Myanmar's military coup leaders are lashing out at both world powers and the domestic public, including national media, over this month's dramatic events there being widely dubbed a coup d'état.

The junta is now declaring it illegal to use "incorrect words" such as coup when referring to the new government, the Ministry of Information announced Friday. The message further claimed the newly issued one year 'state of emergency' is "in accordance" with the constitution. The United States among other nations recently formally declared it recognizes that a coup d'état has occurred.

Armored vehicle next to the Sule Pagoda, via AFP

The army further said new laws are pending that will target "acts of instigation that may arouse civil unrest" - which presumably is aimed at media sources that use "coup" or related language in their reporting.

Already a new law unveiled last week took aim at internet content disparaging the military takeover, which saw the civilian leadership including Aung San Suu Kyi detained on Feb.1, as Bloomberg reports:

Earlier this week, the junta proposed a cyber security law that could see social media users fined or jailed for posts containing what it construes as "misinformation or disinformation that causes public panic."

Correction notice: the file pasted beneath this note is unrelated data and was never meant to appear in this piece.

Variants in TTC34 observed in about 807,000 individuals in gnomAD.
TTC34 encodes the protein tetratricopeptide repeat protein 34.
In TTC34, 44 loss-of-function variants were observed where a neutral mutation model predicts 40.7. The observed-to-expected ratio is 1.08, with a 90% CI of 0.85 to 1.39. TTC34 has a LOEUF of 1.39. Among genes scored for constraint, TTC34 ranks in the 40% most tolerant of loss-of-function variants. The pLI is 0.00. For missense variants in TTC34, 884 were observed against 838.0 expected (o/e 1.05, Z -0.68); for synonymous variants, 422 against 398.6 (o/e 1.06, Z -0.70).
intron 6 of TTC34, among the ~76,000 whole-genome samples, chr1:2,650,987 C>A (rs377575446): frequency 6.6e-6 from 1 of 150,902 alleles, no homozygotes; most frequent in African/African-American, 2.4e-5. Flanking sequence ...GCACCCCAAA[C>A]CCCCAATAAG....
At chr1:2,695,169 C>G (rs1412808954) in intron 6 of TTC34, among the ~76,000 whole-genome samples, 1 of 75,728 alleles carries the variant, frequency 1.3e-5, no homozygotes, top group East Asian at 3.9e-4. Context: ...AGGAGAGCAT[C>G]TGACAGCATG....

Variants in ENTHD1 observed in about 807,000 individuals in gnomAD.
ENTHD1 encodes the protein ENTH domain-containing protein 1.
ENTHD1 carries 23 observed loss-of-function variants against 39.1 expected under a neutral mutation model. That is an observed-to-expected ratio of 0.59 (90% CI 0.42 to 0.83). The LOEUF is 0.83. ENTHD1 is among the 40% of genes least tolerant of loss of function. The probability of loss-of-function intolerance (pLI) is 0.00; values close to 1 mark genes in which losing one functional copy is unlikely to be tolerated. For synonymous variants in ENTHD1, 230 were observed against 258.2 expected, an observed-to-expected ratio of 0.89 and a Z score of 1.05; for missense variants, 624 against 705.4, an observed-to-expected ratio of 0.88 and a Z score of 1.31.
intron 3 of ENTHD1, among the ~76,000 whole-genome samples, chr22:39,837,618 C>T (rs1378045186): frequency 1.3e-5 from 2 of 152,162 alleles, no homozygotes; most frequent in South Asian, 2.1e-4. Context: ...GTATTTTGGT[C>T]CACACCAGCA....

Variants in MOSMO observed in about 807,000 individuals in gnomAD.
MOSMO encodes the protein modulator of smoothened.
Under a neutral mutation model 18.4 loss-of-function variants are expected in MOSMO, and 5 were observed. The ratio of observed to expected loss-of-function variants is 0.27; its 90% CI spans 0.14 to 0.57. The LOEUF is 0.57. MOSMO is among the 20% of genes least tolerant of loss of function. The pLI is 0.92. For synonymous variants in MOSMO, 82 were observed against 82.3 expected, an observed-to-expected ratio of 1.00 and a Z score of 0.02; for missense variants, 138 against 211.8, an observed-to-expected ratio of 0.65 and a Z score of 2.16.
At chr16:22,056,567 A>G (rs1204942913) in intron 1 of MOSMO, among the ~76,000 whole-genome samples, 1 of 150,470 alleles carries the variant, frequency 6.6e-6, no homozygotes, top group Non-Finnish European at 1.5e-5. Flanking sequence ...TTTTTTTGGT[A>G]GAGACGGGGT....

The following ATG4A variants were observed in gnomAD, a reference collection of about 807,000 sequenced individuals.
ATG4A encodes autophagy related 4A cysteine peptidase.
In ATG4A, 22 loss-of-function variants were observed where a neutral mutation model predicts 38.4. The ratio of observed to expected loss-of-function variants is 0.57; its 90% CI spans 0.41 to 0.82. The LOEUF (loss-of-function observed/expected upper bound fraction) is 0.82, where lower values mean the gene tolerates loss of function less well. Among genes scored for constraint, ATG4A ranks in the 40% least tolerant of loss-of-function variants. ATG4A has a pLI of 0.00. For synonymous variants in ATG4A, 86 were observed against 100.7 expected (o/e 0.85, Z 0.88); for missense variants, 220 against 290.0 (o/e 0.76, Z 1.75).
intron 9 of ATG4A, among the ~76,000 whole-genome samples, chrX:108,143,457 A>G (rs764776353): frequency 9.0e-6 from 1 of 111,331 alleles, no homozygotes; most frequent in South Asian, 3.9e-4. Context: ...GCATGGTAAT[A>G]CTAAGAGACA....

Ms Suu Kyi's National League for Democracy party said the cyber security law is another attempt by the junta to limit freedom of speech and access to the internet.

The military is now attempting to clamp down on protests in support of the detained civilian leaders.

A telecommunications blackout is still on after the internet was earlier cut to broad swathes of the southeast Asian nation which the US still refers to as Burma. Armored vehicles and tanks are now being reported on city streets.

"Armored vehicles have rolled into Myanmar cities amid fears of a crackdown on anti-coup protesters after nine days of mass demonstrations demanding a return to civilian rule," Al Jazeera reports Sunday of the worsening situation.

"Western embassies – from the European Union, the United Kingdom, Canada and 11 other nations – issued a statement late on Sunday calling on security forces to 'refrain from violence against demonstrators and civilians, who are protesting the overthrow of their legitimate government'," the report continues.

Currently the US embassy is also urging any Americans in the country to "shelter in place".

This also as there are emerging reports of "shots fired" amid the growing protests and clashes with police and military security. "Security forces opened fire to disperse protesters outside one plant in Myitkyina, capital of Kachin state, footage aired live on Facebook showed, although it was not clear if they were using rubber bullets or live fire," Al Jazeera describes.